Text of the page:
Legal scholar Alan Dershowitz affirmed that if claims made by President Trump's former personal lawyer, Michael Cohen, that the president knew about a meeting between Donald Trump Jr. and a Russian official are true, it is a "political problem" and not a "legal problem." Alleged "collusion" to obtain negative information about a political opponent is not a "federal crime," Dershowitz affirmed. "[T]he big picture is that even if everything he [Cohen] says is true, it's not a crime," said Dershowitz.
In an interview with CNN's Anderson Cooper on July 27, Dershowitz said, "Even if the president actively sought material dirt on Hillary Clinton, terrible thing, but even if he sought it, but the dirt had already been gathered, and he wasn't asking them to hack the DNC or do anything criminal, that would not be a crime." The famed Harvard Law professor emeritus said, "It would show, perhaps, 'collusion," and added, "But there's nothing in the federal code that makes collusion itself a crime."
Cooper asked Dershowitz earlier in the interview, "Professor Dershowitz, if the reporting turns out to be true -- and that's a big if -- and the president did know about the meeting [and] there were other people to corroborate Cohen's story, isn't that a major problem or is that a major problem for the president and Donald Trump Jr., who between the two of them have denied the president's knowledge of the meeting nine times?"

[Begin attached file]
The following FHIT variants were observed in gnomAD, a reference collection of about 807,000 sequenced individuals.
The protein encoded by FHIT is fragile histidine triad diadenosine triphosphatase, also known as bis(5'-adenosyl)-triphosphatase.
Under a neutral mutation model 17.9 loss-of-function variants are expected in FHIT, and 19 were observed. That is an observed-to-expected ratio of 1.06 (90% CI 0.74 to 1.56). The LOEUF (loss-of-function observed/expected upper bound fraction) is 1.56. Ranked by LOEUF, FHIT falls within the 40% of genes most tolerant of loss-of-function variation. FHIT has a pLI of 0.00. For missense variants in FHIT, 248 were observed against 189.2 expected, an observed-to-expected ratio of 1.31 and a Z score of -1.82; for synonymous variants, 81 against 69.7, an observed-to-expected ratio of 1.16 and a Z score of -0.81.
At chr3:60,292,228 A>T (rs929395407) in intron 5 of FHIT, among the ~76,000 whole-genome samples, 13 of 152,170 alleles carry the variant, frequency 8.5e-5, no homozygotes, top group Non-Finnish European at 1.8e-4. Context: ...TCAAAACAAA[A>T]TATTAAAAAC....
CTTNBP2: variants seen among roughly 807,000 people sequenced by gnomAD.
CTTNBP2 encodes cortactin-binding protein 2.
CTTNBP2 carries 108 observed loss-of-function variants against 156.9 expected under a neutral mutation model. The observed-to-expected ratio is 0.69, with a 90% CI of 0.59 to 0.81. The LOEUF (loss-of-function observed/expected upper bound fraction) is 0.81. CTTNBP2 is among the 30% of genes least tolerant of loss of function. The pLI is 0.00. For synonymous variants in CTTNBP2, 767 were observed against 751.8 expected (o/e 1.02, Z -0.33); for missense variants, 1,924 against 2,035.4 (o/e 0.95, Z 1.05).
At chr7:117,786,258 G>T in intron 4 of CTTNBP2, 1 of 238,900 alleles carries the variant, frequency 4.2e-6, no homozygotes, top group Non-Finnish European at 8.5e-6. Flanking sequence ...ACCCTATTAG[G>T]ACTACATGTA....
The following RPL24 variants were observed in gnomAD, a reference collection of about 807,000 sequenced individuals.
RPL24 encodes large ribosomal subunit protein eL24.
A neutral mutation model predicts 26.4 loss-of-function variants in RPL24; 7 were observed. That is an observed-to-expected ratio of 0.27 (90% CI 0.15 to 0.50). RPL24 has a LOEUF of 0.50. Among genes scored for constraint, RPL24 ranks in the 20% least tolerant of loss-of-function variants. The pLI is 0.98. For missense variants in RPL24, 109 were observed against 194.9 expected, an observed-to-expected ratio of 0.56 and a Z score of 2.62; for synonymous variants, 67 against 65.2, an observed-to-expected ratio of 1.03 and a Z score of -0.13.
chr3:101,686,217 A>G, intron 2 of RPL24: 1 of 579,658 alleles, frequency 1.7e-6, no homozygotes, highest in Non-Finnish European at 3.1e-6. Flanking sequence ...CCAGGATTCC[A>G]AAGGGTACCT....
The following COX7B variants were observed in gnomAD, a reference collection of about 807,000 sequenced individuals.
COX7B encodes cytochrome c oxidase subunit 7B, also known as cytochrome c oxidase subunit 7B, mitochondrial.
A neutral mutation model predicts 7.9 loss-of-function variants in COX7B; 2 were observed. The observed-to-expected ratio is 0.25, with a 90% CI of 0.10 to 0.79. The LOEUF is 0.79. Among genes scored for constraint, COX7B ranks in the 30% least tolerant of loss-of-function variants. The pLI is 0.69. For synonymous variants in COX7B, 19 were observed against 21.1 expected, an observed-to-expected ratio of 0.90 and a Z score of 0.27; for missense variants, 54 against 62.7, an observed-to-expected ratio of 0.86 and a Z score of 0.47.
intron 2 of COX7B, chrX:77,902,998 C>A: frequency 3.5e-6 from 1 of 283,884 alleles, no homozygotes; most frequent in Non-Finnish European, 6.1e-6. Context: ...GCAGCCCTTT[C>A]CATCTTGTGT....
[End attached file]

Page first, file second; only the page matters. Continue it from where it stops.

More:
Replying, Dershowitz said, "Oh, it's a political problem to be sure, but I don't think it's a legal problem. Even if the president knew of the meeting, knew exactly the role of the woman who was there, that she was representing the Russian government, and even knew that they were going to go to try to collect dirt that had already been gotten by the Russians on Hillary Clinton, that would be a political sin but it wouldn't be a federal crime."
"And I think if this is the best that Cohen has to offer, I don't think he's going to be given immunity by the federal prosecutors," said Dershowitz. "He may have to compose and not only sing in order to get that kind of immunity because this isn't very much from a legal point of view."
"It's a big deal from a political and public relations point of view," he said, "but legally it's a 3 on a scale of 10, maybe."
Dershowitz added, "But I think the big picture is that even if everything he says is true, it's not a crime. You know, in my new book, The Case Against Impeaching Trump, I set out a hypothetical based on this possibility, a hypothetical: Even if the president actively sought material dirt on Hillary Clinton, terrible thing, but even if he sought it, but the dirt had already been gathered, and he wasn't asking them to hack the DNC or do anything criminal, that would not be a crime. It would show, perhaps, 'collusion.' But there's nothing in the federal code that makes collusion itself a crime."
Later on, Dershowitz challenged attorney Michael Avenatti, who represents Stormy Daniels, about predictions of revelations that will force Trump to resign. While Dershowitz admitted that Avenatti is correct that are are more audio tapes secretly made by Michael Cohen. He added, "I said it was true what you're talking about [more audio tapes from Cohen] and that's why it needs some explanation." Dershowitz said, “You did guarantee the American public back in May that President Trump would resign. We're watching our watches and waiting to see if that prediction comes true."
"That's the one prediction that you really staked your reputation on," he said to Avenatti. "So your reputation will turn on whether he does resign or not."